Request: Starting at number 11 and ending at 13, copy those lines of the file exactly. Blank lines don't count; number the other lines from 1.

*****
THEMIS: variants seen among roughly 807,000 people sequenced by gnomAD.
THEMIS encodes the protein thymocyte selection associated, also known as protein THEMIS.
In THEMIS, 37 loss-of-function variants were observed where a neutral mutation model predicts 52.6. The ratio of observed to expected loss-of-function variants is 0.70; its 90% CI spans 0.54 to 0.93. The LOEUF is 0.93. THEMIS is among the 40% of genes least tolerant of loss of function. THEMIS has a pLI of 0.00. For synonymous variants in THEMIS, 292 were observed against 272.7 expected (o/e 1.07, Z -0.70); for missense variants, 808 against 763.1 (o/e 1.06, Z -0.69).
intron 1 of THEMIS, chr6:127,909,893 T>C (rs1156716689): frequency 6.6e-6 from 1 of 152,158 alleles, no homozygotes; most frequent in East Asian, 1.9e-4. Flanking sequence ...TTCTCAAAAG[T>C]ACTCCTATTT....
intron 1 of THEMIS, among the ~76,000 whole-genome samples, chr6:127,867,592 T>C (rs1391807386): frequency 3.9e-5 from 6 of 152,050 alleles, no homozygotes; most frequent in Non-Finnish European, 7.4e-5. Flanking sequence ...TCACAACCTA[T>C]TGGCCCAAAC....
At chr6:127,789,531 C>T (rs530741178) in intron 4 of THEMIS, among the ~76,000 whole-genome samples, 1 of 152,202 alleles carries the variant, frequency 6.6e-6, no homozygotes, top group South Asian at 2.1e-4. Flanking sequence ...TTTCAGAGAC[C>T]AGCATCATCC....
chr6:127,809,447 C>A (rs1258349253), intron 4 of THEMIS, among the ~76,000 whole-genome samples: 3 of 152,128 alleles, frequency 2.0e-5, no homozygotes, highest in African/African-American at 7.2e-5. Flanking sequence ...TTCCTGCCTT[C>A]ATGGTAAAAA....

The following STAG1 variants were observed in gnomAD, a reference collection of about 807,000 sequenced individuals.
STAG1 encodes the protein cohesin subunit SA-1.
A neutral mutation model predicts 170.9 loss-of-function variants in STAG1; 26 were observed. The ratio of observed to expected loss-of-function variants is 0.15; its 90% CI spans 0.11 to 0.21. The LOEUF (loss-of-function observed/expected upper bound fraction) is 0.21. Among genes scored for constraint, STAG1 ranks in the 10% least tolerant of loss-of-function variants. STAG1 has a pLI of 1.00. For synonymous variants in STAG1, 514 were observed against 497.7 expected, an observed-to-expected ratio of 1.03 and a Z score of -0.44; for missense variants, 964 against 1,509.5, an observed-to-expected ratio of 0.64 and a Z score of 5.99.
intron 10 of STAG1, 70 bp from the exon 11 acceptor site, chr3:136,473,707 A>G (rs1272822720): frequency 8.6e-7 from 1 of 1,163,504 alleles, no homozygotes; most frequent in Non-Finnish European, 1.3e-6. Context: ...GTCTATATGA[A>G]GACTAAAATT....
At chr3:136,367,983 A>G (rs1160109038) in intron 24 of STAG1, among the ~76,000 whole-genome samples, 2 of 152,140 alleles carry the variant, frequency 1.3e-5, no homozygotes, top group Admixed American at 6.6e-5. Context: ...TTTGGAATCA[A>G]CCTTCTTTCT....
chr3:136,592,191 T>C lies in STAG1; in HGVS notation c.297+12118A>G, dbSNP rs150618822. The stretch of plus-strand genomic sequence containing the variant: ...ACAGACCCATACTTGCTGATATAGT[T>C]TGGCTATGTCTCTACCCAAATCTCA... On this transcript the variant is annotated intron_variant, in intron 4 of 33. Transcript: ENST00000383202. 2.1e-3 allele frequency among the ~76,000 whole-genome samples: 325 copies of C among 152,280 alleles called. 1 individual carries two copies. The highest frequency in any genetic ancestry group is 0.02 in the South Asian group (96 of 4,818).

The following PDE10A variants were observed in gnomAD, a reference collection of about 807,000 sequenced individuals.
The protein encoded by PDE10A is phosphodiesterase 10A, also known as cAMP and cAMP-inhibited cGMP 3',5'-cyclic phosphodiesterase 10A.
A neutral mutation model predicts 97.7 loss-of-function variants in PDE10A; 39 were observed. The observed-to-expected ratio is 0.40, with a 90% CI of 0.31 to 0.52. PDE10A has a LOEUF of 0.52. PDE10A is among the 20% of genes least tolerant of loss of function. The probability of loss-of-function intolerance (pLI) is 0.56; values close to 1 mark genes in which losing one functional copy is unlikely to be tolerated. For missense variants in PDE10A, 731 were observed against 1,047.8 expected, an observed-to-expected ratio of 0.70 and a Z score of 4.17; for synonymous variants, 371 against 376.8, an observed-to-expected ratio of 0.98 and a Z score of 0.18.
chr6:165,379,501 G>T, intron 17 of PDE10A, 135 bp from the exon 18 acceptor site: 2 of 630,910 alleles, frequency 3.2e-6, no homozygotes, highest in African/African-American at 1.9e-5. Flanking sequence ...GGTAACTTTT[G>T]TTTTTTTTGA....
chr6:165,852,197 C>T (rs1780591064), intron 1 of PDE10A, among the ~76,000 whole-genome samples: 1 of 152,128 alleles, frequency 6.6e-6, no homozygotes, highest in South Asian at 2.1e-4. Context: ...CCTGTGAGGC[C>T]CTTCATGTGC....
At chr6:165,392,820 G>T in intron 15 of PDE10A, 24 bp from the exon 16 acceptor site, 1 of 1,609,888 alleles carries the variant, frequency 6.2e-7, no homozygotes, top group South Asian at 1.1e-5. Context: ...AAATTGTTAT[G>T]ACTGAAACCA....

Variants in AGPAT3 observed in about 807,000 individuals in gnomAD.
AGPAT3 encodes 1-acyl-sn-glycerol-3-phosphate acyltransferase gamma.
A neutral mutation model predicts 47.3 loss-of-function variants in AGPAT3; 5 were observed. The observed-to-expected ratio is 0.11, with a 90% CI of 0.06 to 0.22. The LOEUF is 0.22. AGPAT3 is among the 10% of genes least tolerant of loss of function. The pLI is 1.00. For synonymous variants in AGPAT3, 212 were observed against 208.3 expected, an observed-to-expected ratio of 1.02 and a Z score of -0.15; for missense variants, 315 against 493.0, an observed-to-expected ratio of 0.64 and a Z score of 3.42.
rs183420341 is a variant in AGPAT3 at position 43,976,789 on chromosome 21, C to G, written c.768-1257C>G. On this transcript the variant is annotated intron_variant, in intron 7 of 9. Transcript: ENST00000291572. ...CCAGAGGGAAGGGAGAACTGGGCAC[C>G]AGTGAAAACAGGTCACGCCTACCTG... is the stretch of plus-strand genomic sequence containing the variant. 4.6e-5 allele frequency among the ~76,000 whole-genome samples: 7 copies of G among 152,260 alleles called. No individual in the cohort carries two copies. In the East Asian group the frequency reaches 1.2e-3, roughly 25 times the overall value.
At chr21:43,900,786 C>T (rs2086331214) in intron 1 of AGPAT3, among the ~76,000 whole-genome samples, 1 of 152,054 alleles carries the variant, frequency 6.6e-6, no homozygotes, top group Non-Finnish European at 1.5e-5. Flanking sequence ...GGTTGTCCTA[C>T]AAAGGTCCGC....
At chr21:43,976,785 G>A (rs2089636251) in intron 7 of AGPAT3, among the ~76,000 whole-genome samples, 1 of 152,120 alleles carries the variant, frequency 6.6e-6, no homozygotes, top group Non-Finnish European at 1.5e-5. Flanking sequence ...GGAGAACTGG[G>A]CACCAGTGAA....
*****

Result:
intron 10 of STAG1, 70 bp from the exon 11 acceptor site, chr3:136,473,707 A>G (rs1272822720): frequency 8.6e-7 from 1 of 1,163,504 alleles, no homozygotes; most frequent in Non-Finnish European, 1.3e-6. Context: ...GTCTATATGA[A>G]GACTAAAATT....
At chr3:136,367,983 A>G (rs1160109038) in intron 24 of STAG1, among the ~76,000 whole-genome samples, 2 of 152,140 alleles carry the variant, frequency 1.3e-5, no homozygotes, top group Admixed American at 6.6e-5. Context: ...TTTGGAATCA[A>G]CCTTCTTTCT....
chr3:136,592,191 T>C lies in STAG1; in HGVS notation c.297+12118A>G, dbSNP rs150618822. The stretch of plus-strand genomic sequence containing the variant: ...ACAGACCCATACTTGCTGATATAGT[T>C]TGGCTATGTCTCTACCCAAATCTCA... On this transcript the variant is annotated intron_variant, in intron 4 of 33. Transcript: ENST00000383202. 2.1e-3 allele frequency among the ~76,000 whole-genome samples: 325 copies of C among 152,280 alleles called. 1 individual carries two copies. The highest frequency in any genetic ancestry group is 0.02 in the South Asian group (96 of 4,818).